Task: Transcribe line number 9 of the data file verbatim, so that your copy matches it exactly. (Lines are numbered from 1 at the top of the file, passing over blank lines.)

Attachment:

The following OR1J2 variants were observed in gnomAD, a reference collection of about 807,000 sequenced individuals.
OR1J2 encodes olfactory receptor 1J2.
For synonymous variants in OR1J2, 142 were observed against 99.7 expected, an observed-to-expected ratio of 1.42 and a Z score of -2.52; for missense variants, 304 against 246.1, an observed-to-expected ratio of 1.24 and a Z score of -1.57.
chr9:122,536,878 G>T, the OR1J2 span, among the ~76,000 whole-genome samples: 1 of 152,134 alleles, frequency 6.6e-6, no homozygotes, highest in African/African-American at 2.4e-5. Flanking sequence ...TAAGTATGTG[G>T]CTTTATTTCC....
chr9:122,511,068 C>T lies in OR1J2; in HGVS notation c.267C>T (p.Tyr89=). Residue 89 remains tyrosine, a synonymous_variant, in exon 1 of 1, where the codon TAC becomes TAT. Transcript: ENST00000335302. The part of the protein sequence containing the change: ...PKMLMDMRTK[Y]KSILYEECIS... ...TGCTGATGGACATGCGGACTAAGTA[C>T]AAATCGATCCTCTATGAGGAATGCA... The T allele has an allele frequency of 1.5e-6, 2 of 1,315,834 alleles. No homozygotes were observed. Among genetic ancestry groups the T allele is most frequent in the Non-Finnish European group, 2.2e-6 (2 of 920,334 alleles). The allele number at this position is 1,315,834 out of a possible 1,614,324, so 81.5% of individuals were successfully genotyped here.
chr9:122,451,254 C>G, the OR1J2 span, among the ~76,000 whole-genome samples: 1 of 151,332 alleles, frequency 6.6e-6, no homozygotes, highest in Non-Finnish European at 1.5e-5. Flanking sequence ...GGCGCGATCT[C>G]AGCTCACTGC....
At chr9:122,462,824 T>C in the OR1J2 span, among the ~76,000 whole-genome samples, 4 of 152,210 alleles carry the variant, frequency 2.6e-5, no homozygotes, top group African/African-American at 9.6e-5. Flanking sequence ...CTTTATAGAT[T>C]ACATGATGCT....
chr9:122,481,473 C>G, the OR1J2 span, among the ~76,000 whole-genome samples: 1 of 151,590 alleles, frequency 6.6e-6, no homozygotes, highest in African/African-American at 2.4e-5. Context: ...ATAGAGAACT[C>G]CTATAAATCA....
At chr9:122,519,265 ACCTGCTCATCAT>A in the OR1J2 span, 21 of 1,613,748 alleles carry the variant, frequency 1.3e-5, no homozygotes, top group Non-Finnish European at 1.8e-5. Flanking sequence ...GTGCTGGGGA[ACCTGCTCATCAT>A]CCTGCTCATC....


At chr9:122,519,265 ACCTGCTCATCAT>A in the OR1J2 span, 21 of 1,613,748 alleles carry the variant, frequency 1.3e-5, no homozygotes, top group Non-Finnish European at 1.8e-5. Flanking sequence ...GTGCTGGGGA[ACCTGCTCATCAT>A]CCTGCTCATC....